In the ensuing years, Athens became a battlezone, with hooded, bare-chested anarchists in violent face-offs against shielded, helmeted riot police. Shop windows were smashed, Molotov cocktails launched, and Athenians shut their windows to keep the tear gas out of their homes.
Meanwhile, Loukanikos (‘sausage’) the dog, one of Athens’ multitude of strays, was always on the front lines at these dramatic events; siding with protestors, he barked aggressively at the cops, unhindered by rocks, kicks or flames.
Worldwide, the media picked up on this canine anarchist. In 2011, TIME magazine featured Loukanikos on its front cover. The song ‘The Riot Dog’ by David Rovics was written in his honour and the four-legged warrior even inspired the documentary Dogs of Democracy by Mary Zournazi, in which he’s described as the ‘Che Guevara of Greece’ and ‘an ally of the Greek people of all ideologies’. In 2012 he retired from his energetic street life and was adopted by a family who offered him the loving care he deserved. He died peacefully in his sleep in 2014.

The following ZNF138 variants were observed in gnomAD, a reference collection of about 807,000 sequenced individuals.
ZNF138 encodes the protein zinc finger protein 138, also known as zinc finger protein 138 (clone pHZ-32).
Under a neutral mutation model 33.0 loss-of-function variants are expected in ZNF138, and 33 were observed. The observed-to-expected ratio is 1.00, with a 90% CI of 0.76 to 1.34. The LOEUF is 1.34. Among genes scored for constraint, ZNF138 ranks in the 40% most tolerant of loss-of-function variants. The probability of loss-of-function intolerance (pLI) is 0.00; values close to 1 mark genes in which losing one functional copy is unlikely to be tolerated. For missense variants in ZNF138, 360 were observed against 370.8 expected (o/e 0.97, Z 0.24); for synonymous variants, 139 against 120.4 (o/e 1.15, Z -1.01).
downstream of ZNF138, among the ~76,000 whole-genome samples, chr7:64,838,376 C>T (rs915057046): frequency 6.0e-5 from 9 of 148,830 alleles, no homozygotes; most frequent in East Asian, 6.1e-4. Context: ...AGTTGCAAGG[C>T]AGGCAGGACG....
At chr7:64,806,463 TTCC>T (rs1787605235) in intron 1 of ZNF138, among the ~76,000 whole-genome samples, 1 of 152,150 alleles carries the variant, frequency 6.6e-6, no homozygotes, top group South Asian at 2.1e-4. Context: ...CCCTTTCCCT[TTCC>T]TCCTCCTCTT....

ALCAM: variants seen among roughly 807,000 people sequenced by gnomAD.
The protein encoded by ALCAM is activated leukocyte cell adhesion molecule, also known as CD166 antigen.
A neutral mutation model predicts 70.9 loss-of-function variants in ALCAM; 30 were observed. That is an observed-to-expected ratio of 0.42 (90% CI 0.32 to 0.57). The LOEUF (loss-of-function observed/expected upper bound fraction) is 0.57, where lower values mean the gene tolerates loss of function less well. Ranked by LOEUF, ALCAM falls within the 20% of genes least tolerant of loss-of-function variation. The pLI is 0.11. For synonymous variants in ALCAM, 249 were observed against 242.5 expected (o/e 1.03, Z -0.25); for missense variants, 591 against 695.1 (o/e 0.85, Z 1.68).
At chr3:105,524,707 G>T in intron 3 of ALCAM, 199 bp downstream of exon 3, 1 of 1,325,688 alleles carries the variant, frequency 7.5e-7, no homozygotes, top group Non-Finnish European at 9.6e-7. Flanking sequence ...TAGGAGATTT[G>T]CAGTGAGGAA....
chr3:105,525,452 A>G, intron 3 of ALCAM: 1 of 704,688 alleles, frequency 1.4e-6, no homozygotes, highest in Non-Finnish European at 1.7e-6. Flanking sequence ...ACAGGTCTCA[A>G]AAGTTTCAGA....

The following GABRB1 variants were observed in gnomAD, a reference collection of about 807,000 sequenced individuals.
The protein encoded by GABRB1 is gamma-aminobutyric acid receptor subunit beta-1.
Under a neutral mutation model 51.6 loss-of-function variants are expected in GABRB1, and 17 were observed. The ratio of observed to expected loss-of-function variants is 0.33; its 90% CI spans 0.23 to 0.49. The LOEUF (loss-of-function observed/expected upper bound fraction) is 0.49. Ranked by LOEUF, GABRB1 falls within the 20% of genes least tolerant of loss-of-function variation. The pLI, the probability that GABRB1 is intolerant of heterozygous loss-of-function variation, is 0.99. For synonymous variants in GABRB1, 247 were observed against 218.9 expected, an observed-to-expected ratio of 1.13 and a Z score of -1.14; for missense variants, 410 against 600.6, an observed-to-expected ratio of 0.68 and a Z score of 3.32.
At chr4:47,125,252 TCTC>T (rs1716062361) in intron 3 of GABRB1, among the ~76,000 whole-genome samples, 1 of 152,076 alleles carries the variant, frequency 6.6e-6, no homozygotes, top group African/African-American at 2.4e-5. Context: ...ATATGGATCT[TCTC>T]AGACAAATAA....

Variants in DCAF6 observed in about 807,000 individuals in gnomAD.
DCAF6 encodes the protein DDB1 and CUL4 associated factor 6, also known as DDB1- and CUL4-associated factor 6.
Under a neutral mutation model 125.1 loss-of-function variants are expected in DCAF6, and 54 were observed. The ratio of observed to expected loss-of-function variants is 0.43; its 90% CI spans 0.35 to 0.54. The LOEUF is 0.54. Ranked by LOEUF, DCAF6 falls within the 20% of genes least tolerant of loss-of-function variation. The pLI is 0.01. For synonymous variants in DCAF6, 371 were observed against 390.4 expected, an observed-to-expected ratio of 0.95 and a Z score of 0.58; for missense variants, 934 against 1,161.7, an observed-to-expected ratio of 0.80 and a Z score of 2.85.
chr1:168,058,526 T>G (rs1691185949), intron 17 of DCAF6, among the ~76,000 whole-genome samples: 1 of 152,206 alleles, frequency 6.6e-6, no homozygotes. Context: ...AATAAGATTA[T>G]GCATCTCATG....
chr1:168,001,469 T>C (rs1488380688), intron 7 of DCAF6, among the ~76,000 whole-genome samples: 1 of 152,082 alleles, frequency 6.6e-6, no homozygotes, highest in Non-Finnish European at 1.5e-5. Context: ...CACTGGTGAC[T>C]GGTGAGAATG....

Apart from its reputation for protests, modern Athens is also known for its graffiti, a liberal practice that dates back millennia in Greece. After Loukanikos’ death, street artists who knew the brave hound well dedicated a giant wall portrait in his memory, titled All Dogs Go to Heaven. Billy Gee, Alex Martinez and N_Grams say they wanted to bring a smile to the faces of passers-by.
Despite his world fame, few know that they can visit him here. And indeed, the wonderfully expressive and instagrammable portrait inspires many emotions in any observer – from the superficial to the profoundly idealistic.
Address: Riga Pallamidou 4 & Sarri Street, Psyrri, Athens 10554